10 Best Ramen in Tokyo

Must-eat Ramen in Tokyo from Ichiran to Ippudo

Ramen is the best known and popular Japanese food worldwide. There are countless ramen spots in Tokyo, and here are 10 best ramen restaurants in Tokyo from Ichiran to Ippudo Ramen.

Ramen should be added to your lunch or dinner list while staying in Tokyo. There are numerous Ramen restaurants in Tokyo and they are very competitive. It is said about 3,600 Ramen restaurants opens per a year. On the other hand the number of the Ramen restaurants which close is the almost same.

We believe it is valuable to select reputable Ramen restaurants. Today, I’d like to introduce 10 best Ramen restaurants in Tokyo which are highly valued by both domestic and international people.

1. Ichiran

Ichiran (一蘭), which is known as the king of Tonkotsu (pork based broth) Ramen, is one of the most popular Ramen restaurants in Tokyo. Ichiran has numerous chain stores in Tokyo, and the branches in Shibuya are especially visited.

2. AFURI (Shibuya area)

AFURI (阿夫利) is a trendy Ramen restaurant loved by Tokyoites, serving its healthy Ramen at 8 spots in Tokyo. AFURI uses the finest ingredients such as meat, seafood, regional fresh vegetables and pure spring water from Mt Afuri in Kanagawa Prefecture.

3. Nagi (Shibuya area)

Nagi (すごい煮干ラーメン凪) is a top-rated Ramen restaurant in Tokyo serving original soup based on over 20 kinds of dried sardines. The branch in Shibuya is open until late at night, and those in Shinjuku are open 24 hours (it never closes.) Just try the rich taste of the dried sardines broth.

4. Kyushu Jangara Ramen (Harajuku area)

Kyushu Jangara Ramen (九州じゃんがららあめん) is a popular chain Ramen restaurant in Tokyo. Its specialty is Tonkotsu (pork based broth) Ramen originated in Kyushu. You can enjoy the mild poke broth integrated with various vegetables.

5. Menya Musashi (Shinjuku area)

Menya Musashi (麺屋武蔵) is located in Shinjuku, one of the best Ramen towns in Tokyo, and over 10 chain stores in Tokyo metropolitan areas. Menya Musashi’s ramen is made with the ideally blended soup with chicken, pork and fish broth. The bowls of Ramen can never be completed without generously topped ingredients such as chunks of pork belly and a half-boiled egg.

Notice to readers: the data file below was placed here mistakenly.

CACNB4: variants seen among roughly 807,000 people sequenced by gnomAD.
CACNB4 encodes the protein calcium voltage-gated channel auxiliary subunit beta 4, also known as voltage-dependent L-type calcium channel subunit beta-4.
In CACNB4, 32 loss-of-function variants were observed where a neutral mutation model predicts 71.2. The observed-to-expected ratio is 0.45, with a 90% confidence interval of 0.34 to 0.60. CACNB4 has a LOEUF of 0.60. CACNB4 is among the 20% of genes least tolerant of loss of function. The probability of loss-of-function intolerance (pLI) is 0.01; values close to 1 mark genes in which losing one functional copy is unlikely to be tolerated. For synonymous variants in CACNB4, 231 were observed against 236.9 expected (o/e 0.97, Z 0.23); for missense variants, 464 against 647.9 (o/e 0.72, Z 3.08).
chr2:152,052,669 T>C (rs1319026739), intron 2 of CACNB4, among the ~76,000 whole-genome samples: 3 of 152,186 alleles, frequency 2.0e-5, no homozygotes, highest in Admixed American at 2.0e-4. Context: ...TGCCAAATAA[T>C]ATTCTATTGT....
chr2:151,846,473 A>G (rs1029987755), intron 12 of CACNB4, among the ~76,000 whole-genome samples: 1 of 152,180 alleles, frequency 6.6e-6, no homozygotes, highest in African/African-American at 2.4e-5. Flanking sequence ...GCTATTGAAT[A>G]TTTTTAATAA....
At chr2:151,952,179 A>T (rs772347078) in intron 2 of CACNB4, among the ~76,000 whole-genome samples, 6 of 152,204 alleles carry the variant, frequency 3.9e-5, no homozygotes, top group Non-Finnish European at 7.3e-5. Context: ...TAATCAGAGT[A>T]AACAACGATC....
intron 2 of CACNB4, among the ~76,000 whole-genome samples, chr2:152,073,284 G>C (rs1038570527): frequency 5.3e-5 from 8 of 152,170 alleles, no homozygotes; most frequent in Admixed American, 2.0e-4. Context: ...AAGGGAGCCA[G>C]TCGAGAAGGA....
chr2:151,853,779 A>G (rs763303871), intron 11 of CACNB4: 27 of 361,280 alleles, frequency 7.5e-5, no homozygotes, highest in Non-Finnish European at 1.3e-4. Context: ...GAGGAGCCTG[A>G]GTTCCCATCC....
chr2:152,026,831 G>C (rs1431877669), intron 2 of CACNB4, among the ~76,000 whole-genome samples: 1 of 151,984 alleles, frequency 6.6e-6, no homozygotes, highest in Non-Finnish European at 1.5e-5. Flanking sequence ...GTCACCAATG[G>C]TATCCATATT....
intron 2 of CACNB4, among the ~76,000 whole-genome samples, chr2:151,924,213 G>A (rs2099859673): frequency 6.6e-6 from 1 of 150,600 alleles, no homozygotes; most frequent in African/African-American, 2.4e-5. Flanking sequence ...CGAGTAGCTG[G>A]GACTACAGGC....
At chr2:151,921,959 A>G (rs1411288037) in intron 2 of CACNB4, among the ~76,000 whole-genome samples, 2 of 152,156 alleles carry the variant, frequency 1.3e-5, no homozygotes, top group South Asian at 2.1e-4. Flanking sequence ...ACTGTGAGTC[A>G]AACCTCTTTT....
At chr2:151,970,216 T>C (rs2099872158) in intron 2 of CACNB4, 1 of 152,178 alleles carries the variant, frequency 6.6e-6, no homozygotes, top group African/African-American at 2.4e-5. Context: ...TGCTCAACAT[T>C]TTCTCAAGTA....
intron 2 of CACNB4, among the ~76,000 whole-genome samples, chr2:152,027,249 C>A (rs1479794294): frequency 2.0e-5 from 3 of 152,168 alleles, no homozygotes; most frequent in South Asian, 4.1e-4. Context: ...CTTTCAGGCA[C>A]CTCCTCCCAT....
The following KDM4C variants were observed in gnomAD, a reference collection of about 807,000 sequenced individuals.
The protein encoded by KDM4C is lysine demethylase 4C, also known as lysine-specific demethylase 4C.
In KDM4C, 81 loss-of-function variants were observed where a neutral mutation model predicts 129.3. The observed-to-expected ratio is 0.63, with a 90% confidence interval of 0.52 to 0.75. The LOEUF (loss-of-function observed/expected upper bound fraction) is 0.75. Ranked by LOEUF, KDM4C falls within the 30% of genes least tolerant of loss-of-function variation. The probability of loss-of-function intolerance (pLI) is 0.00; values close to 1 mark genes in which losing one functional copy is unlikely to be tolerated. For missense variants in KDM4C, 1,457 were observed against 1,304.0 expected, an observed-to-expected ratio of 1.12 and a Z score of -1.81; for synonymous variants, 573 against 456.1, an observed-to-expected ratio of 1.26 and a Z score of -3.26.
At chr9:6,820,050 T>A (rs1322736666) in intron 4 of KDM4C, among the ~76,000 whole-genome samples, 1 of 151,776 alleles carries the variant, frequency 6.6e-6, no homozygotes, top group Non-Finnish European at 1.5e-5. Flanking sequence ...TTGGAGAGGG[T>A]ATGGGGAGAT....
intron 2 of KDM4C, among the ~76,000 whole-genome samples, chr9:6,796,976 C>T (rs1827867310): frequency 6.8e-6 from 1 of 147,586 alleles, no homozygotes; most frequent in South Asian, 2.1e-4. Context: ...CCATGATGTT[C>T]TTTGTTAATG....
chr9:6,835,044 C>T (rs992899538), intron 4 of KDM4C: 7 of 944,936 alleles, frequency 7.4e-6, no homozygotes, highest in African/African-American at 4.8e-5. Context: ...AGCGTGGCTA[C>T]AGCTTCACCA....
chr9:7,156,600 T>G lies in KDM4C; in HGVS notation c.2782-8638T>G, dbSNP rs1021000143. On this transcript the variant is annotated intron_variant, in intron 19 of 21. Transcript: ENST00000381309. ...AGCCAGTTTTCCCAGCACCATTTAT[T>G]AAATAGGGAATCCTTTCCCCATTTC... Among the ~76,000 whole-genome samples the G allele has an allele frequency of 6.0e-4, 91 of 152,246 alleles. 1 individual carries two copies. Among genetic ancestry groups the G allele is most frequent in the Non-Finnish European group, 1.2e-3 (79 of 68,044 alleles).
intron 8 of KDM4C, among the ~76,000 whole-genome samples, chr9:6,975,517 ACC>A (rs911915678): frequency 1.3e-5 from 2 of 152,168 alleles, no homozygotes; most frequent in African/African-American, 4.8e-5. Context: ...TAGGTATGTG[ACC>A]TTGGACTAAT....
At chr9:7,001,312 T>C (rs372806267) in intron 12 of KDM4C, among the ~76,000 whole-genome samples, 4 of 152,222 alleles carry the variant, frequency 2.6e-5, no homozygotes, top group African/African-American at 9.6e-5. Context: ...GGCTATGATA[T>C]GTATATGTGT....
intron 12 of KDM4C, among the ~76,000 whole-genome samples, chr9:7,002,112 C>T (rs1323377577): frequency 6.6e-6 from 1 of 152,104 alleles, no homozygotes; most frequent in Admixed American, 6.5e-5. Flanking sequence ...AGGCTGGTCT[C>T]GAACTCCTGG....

6. Shinjuku Gyoen Ramen Ouka (Shinjuku area)

Shinjuku Gyoen Ramen Ouka (新宿御苑らーめん桜花), located near the famous Tokyo’s nature symbol Shinjuku Gyoen Park, serves quality Vegan and Muslim friendly Ramen. Its Ramen’s broth is based on fish mixed with vegetable.

7. Ramen Yoroiya (Asakusa area)

If you want to eat a Tokyo’s traditional Shoyu (soy sauce based broth) Ramen, it’s highly recommended to visit Yoroiya (与ろゐ屋) in Asakusa. The finest Shoyu Ramen is served with the rich-tasted broth mixed with chicken, pork, dried sardines and so on.

8. Ippudo

Ippudo (一風堂) is also one of the most appreciated Tonkotsu Ramen restaurant in Tokyo, which is originally established in 1985 in Fukuoka prefecture. It has over 10 chain stores in Tokyo and more all over Japan. There are two specialties: the regular Shiromaru (白丸) and the hot-tasted Akamaru (赤丸).

9. Ginza Kagari (Ginza area)

Ginza Kagari (銀座 篝) serves a unique Ramen “Tori Paitan Soba” with creamy white soup made from chicken broth is completed with the fresh toppings such as seasonal vegetable and a slice of chicken. Hit the hidden gem in Ginza!

10. Fuunji (Shinjuku area)

Fuunji (風雲児) is one of the most popular Tsukemen style Ramen restaurants in Tokyo. The Tsukemen is served with thick noodles and aromatic soup made with chicken and fish. For advanced Ramen lovers, it’s really recommended to try this style in the Tokyo’s busy town Shinjuku.

▽Check out the best ramen restaurants all over Japan!▽

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I'm writing by my motto: helping travelers spend their limited time experiencing something priceless in Japan. My articles won't let you down! Living in Tokyo and traveling many popular and hidden sites all over Japan, I deliver well-selected and latest tourist information to you from the perspective of “100% Japanese local”. My specific interests are island hopping, eating countless bowls of ramen, watching anime and reading manga. Enjoy Japan Web Magazine for recommended food spots, hidden gems Japanese Otaku (geek) culture, and everything about Japan :)